chapter  14
15 Pages

State Sovereignty: Alive and Well

ByMilton J. Esman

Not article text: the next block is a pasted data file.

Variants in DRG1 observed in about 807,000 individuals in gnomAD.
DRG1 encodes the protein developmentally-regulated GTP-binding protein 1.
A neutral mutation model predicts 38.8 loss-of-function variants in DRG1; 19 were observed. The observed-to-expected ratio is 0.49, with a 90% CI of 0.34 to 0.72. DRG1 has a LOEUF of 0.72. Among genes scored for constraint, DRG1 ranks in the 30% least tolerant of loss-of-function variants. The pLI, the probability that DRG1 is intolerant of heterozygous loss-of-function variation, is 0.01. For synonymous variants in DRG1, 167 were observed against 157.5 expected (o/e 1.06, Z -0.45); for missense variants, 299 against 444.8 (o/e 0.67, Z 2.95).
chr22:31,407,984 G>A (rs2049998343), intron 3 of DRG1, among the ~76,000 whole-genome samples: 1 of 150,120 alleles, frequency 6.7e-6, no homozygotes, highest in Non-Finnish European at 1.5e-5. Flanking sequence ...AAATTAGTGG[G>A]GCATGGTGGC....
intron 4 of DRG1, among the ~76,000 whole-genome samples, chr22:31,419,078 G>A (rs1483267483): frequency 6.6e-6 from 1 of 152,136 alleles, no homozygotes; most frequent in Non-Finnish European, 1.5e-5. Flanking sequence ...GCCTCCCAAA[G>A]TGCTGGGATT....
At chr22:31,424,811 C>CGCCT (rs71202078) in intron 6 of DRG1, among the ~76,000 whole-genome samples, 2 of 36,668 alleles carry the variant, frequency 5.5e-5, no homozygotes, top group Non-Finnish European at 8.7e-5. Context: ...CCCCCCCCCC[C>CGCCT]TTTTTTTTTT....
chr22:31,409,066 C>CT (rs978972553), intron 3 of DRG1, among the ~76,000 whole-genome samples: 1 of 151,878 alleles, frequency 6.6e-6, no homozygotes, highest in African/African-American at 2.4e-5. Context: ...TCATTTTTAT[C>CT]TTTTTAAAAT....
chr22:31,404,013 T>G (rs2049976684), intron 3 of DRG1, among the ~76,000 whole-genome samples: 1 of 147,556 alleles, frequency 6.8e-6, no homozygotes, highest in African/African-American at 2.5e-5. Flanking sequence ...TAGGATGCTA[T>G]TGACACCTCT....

Sovereignty is a many-splendored and usefully imprecise attribute of state-hood, epitomized by Montgomery's felicitous phrase: "having the last word". The growing acceptance of dual citizenship, particularly in connection with large-scale Mexican immigration to the United States, is therefore identified by Nathan Glazer as a symptom of the contemporary erosion of the principle and practice of exclusive allegiance and consequently a derogation of state sovereignty. The principle of absolute sovereign immunity from external intervention has been challenged in recent years from two directions: human rights and neo-liberal economics. The political battle lines shaped by the struggle over the scope of globalization produce strange alliances, internal and international. Much of the reaction against unrestricted global free markets has centered on elements of civil society working through nongovernmental organizations that place such values as human rights, environmental protection, and health and labor standards above global economic efficiency and the profitability of transnational corporations.